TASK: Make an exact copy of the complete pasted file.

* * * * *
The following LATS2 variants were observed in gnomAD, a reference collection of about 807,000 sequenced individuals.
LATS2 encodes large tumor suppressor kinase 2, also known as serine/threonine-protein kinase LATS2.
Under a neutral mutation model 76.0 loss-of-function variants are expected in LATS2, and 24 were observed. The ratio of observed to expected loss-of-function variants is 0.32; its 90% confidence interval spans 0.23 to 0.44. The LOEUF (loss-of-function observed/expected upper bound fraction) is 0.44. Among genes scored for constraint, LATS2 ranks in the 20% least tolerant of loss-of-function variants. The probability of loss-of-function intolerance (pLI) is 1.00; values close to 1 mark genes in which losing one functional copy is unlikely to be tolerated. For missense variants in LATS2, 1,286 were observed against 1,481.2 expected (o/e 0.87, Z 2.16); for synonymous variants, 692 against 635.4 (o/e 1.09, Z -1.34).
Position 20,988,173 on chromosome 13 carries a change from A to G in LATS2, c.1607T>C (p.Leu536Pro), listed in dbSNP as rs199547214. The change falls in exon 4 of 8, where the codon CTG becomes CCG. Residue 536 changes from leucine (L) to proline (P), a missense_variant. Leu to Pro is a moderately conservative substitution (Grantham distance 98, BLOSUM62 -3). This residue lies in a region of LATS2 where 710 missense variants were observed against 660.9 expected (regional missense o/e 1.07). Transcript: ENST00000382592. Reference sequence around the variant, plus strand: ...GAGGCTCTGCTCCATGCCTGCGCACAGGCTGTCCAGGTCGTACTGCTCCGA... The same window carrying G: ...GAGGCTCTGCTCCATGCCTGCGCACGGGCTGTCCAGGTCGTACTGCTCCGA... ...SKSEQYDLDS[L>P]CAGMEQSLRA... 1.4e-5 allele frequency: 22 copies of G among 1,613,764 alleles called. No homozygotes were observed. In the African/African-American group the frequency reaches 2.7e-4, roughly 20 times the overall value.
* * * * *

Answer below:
The following LATS2 variants were observed in gnomAD, a reference collection of about 807,000 sequenced individuals.
LATS2 encodes large tumor suppressor kinase 2, also known as serine/threonine-protein kinase LATS2.
Under a neutral mutation model 76.0 loss-of-function variants are expected in LATS2, and 24 were observed. The ratio of observed to expected loss-of-function variants is 0.32; its 90% confidence interval spans 0.23 to 0.44. The LOEUF (loss-of-function observed/expected upper bound fraction) is 0.44. Among genes scored for constraint, LATS2 ranks in the 20% least tolerant of loss-of-function variants. The probability of loss-of-function intolerance (pLI) is 1.00; values close to 1 mark genes in which losing one functional copy is unlikely to be tolerated. For missense variants in LATS2, 1,286 were observed against 1,481.2 expected (o/e 0.87, Z 2.16); for synonymous variants, 692 against 635.4 (o/e 1.09, Z -1.34).
Position 20,988,173 on chromosome 13 carries a change from A to G in LATS2, c.1607T>C (p.Leu536Pro), listed in dbSNP as rs199547214. The change falls in exon 4 of 8, where the codon CTG becomes CCG. Residue 536 changes from leucine (L) to proline (P), a missense_variant. Leu to Pro is a moderately conservative substitution (Grantham distance 98, BLOSUM62 -3). This residue lies in a region of LATS2 where 710 missense variants were observed against 660.9 expected (regional missense o/e 1.07). Transcript: ENST00000382592. Reference sequence around the variant, plus strand: ...GAGGCTCTGCTCCATGCCTGCGCACAGGCTGTCCAGGTCGTACTGCTCCGA... The same window carrying G: ...GAGGCTCTGCTCCATGCCTGCGCACGGGCTGTCCAGGTCGTACTGCTCCGA... ...SKSEQYDLDS[L>P]CAGMEQSLRA... 1.4e-5 allele frequency: 22 copies of G among 1,613,764 alleles called. No homozygotes were observed. In the African/African-American group the frequency reaches 2.7e-4, roughly 20 times the overall value.